Dietary Protein: Timing is Key for Preserving Lean Body Mass Protection Status
Blog Category: 
lean body mass

By Mary Ellen Posthauer RDN, CD, LD, FAND

Recently, I attended a webinar that focused on dietary protein and preserving lean muscle mass. There is a wealth of research on this topic, in particular, as it relates to older adults and protecting muscle health during inactivity. Dr. Robert Demling noted the effect of lean body mass (LBM) loss on wound healing. Healing a wound requires increased calories to prevent the body from breaking down protein (LBM) for energy, thus depleting protein stores required for protein synthesis and healing. Lean body mass is metabolically active, transports protein throughout the body and is essential for survival as it contains all of the skeletal and smooth muscles and immune cells. Healthy adults lose between 3-8% of LBM per decade and after age 70 muscle loss increases to 15% per decade. This loss of LBM or sarcopenia is an age-related, insidious loss of lean muscle mass accelerated by physical inactivity and poor nutrition.

Bed Rest Accelerates LBM Loss

Adults experiencing an acute event (such as pneumonia or hip fractures) that are placed on bed rest lose muscles mass rapidly and without nutrition intervention, they are at risk for pressure ulcers. Studies indicate that even healthy adults placed on bed rest for 28 days lost 2% of lean leg mass compared to healthy older adults who had 10% loss in just 10 days. However, older hospitalized adults had a 15% loss of LBM in just four days, which is a dramatic difference. Extended bed rest and inactivity promotes loss of LBM regardless of age. The body’s stress response to wounds releases inflammatory mediators that accelerates LBM loss and escalates the body’s metabolic rate, increasing the requirement for adequate protein to meet the demand.

Protein Timing is Key in Healing Wounds

Since dietary protein impacts muscle protein synthesis, the key is understanding what amount is beneficial and how it should be distributed. Research on the ability of protein rich foods to stimulate protein anabolism indicated a 4oz serving of meat (30 grams) increased protein synthesis by 50% in both young and older adults. Consuming 90 grams of protein evenly over three meals provided a greater protein anabolic response then the typical pattern of eating 10 grams at breakfast, 15 grams at lunch and 65 grams in the evening. Based on a 75kg adult, this equals 1.2 grams/kg/day, which is the guideline recommendation for pressure ulcer healing. Individuals with estimated protein needs higher than 90 grams/day may need a high protein snack or bedtime nourishment to achieve the even protein distribution. Since we cannot store excess protein for later anabolism, the key is even distribution over 24 hours for maximum protein synthesis.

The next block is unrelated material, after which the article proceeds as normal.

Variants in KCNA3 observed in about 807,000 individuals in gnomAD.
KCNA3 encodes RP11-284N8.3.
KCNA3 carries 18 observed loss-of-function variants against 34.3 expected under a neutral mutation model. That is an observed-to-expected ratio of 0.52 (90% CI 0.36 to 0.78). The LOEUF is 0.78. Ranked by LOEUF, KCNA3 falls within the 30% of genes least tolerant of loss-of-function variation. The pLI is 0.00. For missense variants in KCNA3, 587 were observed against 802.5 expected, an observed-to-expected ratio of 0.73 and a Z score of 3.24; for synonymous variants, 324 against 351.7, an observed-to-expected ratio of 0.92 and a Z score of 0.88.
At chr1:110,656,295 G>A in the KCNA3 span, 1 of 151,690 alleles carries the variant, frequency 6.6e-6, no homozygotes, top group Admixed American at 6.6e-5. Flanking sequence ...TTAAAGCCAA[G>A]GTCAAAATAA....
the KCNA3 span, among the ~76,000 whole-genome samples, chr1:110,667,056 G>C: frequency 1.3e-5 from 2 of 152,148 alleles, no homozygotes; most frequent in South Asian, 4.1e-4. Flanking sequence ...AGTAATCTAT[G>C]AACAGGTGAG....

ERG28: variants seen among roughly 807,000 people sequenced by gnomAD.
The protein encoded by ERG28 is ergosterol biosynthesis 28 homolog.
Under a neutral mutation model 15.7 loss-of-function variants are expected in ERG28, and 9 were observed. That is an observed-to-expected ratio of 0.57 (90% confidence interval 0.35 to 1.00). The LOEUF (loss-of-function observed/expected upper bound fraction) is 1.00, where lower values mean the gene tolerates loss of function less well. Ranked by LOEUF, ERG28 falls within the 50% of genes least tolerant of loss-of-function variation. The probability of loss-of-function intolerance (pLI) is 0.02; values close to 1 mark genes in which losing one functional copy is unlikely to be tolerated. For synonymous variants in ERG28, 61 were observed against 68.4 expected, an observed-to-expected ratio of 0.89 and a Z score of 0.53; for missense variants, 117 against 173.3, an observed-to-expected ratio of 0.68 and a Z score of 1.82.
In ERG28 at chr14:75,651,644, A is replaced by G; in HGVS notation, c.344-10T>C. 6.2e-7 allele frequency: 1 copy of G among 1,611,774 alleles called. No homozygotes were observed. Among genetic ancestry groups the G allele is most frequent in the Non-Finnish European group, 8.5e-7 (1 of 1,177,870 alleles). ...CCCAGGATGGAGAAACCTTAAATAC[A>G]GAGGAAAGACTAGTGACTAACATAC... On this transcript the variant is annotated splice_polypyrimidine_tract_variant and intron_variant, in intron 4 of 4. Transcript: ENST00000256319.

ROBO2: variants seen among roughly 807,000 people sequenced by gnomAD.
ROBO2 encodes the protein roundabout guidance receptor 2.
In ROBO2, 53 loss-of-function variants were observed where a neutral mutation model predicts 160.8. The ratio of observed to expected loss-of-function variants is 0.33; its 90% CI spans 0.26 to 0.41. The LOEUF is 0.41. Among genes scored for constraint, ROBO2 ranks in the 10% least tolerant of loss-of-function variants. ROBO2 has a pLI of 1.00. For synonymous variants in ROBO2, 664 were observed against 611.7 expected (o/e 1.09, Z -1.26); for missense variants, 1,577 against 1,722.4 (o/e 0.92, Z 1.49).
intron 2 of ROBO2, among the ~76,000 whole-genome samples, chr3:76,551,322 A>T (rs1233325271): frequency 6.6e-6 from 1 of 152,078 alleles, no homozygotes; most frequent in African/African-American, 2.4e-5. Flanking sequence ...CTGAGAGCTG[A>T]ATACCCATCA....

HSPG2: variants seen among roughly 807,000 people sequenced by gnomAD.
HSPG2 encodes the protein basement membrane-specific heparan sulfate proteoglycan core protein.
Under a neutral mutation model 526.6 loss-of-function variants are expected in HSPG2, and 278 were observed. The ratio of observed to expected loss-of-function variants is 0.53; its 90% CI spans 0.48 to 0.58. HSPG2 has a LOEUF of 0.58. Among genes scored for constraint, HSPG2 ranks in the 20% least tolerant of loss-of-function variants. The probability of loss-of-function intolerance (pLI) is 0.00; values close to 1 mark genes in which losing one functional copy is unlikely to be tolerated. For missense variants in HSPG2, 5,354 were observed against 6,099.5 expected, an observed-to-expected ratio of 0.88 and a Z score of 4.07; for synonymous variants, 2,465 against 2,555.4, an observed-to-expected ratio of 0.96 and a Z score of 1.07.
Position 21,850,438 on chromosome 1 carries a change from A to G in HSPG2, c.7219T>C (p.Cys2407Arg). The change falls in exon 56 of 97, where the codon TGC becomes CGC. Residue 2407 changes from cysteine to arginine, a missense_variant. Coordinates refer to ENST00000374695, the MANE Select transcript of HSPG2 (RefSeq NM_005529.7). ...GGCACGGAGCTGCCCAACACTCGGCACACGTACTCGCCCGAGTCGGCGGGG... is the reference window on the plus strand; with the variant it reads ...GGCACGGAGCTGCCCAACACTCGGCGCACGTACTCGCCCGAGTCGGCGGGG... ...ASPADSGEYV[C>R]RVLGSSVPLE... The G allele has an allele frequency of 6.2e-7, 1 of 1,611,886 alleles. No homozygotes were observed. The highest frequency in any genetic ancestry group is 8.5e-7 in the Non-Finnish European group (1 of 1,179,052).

About The Author
Mary Ellen Posthauer RDN, CD, LD, FAND is an award winning dietitian, consultant for MEP Healthcare Dietary Services, published author, and member of the Purdue University Hall of Fame, Department of Foods and Nutrition, having held positions on numerous boards and panels including the National Pressure Ulcer Advisory Panel and the American Dietetic Association's Unintentional Weight Loss work group.

The views and opinions expressed in this blog are solely those of the author, and do not represent the views of WoundSource, Kestrel Health Information, Inc., its affiliates, or subsidiary companies.

Recommended for You

  • August 5th, 2020

    By Heidi Cross, MSN, RN, FNP-BC, CWON

    Pressure injury risk and development are multifactorial, individualized processes. Each patient presents with a unique set of circumstances and needs. In looking at charts for attorneys to determine whether standards of care related to...

  • January 21st, 2021

    By Lauren Lazarevski, RN, BSN, CWOCN

    Could metallic micronutrients be the missing link for your patient with a chronic wound? When we consider the nutrition required to optimize wound healing, protein supplementation is usually the star of the show. However, there are...

  • July 1st, 2021

    By Catherine D’Andrea, RDN, LDN, and Marcia Nusgart, RPh

    Malnutrition is a leading cause of morbidity and mortality, especially among older hospitalized adults, yet it often goes undiagnosed and therefore untreated. It has been established that malnourished hospitalized patients...

Important Notice: The contents of the website such as text, graphics, images, and other materials contained on the website ("Content") are for informational purposes only. The Content is not intended to be a substitute for professional medical advice, diagnosis, or treatment. The content is not intended to substitute manufacturer instructions. Always seek the advice of your physician or other qualified health provider with any questions you may have regarding a medical condition or product usage. Refer to the Legal Notice for express terms of use.